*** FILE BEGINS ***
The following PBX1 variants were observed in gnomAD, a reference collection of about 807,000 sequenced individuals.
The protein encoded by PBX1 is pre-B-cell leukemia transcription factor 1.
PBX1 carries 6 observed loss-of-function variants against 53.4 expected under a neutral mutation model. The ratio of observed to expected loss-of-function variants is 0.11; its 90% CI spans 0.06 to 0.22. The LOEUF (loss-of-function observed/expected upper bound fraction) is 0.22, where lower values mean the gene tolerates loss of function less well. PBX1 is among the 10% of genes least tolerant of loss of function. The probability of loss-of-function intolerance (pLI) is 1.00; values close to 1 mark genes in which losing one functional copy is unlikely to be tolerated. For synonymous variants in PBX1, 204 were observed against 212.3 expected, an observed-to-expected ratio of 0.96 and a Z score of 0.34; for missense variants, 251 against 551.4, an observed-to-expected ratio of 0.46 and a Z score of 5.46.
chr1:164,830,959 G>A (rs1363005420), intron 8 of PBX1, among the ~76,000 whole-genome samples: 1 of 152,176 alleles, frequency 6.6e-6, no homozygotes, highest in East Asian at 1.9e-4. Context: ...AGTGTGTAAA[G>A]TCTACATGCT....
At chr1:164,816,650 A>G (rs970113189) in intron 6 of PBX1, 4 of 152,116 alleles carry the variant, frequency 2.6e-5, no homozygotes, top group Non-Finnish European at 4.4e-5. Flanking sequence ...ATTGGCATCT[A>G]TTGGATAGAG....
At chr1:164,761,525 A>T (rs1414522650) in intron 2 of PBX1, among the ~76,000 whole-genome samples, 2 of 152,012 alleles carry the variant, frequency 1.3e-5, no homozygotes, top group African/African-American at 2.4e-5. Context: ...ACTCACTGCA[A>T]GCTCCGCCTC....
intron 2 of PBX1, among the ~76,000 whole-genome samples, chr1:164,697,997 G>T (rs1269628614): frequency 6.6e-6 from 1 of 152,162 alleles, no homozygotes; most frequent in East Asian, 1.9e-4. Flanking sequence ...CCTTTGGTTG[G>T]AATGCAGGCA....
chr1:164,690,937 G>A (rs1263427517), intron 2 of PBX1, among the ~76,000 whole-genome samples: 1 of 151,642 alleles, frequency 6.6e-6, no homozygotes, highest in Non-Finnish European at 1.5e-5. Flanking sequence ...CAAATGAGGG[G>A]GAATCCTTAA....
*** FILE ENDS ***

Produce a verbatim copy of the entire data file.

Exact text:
The following PBX1 variants were observed in gnomAD, a reference collection of about 807,000 sequenced individuals.
The protein encoded by PBX1 is pre-B-cell leukemia transcription factor 1.
PBX1 carries 6 observed loss-of-function variants against 53.4 expected under a neutral mutation model. The ratio of observed to expected loss-of-function variants is 0.11; its 90% CI spans 0.06 to 0.22. The LOEUF (loss-of-function observed/expected upper bound fraction) is 0.22, where lower values mean the gene tolerates loss of function less well. PBX1 is among the 10% of genes least tolerant of loss of function. The probability of loss-of-function intolerance (pLI) is 1.00; values close to 1 mark genes in which losing one functional copy is unlikely to be tolerated. For synonymous variants in PBX1, 204 were observed against 212.3 expected, an observed-to-expected ratio of 0.96 and a Z score of 0.34; for missense variants, 251 against 551.4, an observed-to-expected ratio of 0.46 and a Z score of 5.46.
chr1:164,830,959 G>A (rs1363005420), intron 8 of PBX1, among the ~76,000 whole-genome samples: 1 of 152,176 alleles, frequency 6.6e-6, no homozygotes, highest in East Asian at 1.9e-4. Context: ...AGTGTGTAAA[G>A]TCTACATGCT....
At chr1:164,816,650 A>G (rs970113189) in intron 6 of PBX1, 4 of 152,116 alleles carry the variant, frequency 2.6e-5, no homozygotes, top group Non-Finnish European at 4.4e-5. Flanking sequence ...ATTGGCATCT[A>G]TTGGATAGAG....
At chr1:164,761,525 A>T (rs1414522650) in intron 2 of PBX1, among the ~76,000 whole-genome samples, 2 of 152,012 alleles carry the variant, frequency 1.3e-5, no homozygotes, top group African/African-American at 2.4e-5. Context: ...ACTCACTGCA[A>T]GCTCCGCCTC....
intron 2 of PBX1, among the ~76,000 whole-genome samples, chr1:164,697,997 G>T (rs1269628614): frequency 6.6e-6 from 1 of 152,162 alleles, no homozygotes; most frequent in East Asian, 1.9e-4. Flanking sequence ...CCTTTGGTTG[G>T]AATGCAGGCA....
chr1:164,690,937 G>A (rs1263427517), intron 2 of PBX1, among the ~76,000 whole-genome samples: 1 of 151,642 alleles, frequency 6.6e-6, no homozygotes, highest in Non-Finnish European at 1.5e-5. Flanking sequence ...CAAATGAGGG[G>A]GAATCCTTAA....